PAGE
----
Dental health is an important part of every pet’s well-being. Ideally, dental care starts at home with daily brushing, oral rinses, water additives or other daily prophylaxis. However, we understand that this is not practical for every owner, nor does it prevent all forms of dental disease. Bacteria present in the mouth forms a sticky yellow film called plaque. When plaque begins to accumulate and harden, it forms tartar. This tartar then calcifies and becomes calculus. Most forms of dental disease involve large amounts of bacteria in the mouth which can lead to significant halitosis (bad breath). If left untreated, dental disease can lead to systemic infections or more serious illnesses including heart, kidney and liver disease. We recommend dental cleanings earlier in the disease process to try to lessen the chance that it will cause systemic disease or discomfort.
During the dental procedure we clean and polish above and below the gum line to remove any accumulation of plaque, tartar and calculus. This helps to treat and prevent gum inflammation that is caused by the accumulated material. We also assess for any pockets or decay that may be present below the gum line. Digital dental radiographs help us evaluate the roots of the teeth as well as the bone of the jaw. If diseased teeth are identified, we use state-of-the-art high powered drills and other dental tools to extract the affected teeth. The removal of diseased teeth not only improves your pet’s overall health, but it often removes a significant source of pain and discomfort which can be difficult to notice due to the gradual onset of dental disease.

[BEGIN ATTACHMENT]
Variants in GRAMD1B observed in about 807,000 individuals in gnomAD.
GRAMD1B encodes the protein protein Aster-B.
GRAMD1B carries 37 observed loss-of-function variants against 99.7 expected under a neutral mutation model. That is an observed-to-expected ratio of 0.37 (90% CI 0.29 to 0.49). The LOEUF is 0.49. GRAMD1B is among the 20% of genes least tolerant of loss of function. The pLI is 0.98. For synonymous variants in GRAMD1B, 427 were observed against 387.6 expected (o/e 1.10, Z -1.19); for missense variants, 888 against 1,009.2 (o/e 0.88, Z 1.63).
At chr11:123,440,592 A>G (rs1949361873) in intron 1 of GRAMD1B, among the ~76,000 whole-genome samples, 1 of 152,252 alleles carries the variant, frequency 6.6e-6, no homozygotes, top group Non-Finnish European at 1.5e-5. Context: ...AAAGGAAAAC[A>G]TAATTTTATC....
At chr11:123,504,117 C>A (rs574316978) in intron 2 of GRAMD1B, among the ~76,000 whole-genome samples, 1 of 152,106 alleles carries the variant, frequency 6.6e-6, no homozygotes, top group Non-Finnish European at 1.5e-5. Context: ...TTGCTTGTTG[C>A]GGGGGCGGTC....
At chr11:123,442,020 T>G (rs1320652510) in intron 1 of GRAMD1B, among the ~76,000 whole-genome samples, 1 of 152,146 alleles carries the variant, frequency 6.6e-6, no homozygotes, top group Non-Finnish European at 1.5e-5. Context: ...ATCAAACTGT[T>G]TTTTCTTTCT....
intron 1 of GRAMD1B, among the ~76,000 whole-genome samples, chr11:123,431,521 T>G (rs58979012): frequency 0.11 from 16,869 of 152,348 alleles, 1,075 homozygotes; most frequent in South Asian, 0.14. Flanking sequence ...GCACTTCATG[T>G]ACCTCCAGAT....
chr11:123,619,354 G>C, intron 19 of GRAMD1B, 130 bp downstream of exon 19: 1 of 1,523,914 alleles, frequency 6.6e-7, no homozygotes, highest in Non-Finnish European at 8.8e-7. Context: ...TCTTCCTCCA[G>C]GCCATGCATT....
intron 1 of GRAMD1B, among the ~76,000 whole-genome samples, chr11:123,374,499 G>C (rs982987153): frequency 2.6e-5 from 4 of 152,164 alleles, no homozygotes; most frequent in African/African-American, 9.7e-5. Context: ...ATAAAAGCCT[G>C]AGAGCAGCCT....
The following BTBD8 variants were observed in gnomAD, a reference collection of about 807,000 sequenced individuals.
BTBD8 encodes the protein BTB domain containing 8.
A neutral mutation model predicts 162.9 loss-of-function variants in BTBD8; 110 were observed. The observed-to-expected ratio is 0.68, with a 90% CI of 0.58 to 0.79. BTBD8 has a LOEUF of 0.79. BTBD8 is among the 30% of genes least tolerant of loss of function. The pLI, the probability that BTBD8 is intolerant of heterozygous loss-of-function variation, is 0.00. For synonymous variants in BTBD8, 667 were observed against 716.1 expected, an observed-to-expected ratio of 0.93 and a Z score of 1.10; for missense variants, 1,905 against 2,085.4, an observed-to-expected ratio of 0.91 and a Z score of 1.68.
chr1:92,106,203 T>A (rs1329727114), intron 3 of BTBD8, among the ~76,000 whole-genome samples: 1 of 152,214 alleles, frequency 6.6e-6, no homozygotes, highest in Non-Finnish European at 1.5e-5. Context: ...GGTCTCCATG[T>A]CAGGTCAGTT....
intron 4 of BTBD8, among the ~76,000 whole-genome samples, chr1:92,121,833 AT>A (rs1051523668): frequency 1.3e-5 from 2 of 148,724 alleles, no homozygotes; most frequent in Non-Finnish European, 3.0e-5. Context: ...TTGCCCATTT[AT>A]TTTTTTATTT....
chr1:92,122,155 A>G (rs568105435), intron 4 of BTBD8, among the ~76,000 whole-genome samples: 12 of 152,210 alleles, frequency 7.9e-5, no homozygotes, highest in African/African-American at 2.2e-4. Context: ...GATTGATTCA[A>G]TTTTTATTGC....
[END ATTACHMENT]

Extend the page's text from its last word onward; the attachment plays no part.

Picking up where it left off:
All of our dental procedures are performed under general anesthesia as is recommended by the American Association of Veterinary Medicine. General anesthesia is needed to protect your pet’s airway from water, perform subgingival scaling, perform dental x-rays and to get a complete and thorough examination of your pet’s mouth. For any nervous pet parents, we are happy to discuss the risks of anesthesia versus the benefits of dental care and help you decide what will be best for your pet.
For more information about the dental care, please see the links below:
Pet Periodontal Disease
Reasons Not to Choose Anesthesia Free Dentals For Your Pet
We strongly encourage owners looking for pet dental products to purchase ones with the Veterinary Oral Health Council (VOHC) seal of approval. The VOHC backs products that have been proven to help.
VOHC Accepted Products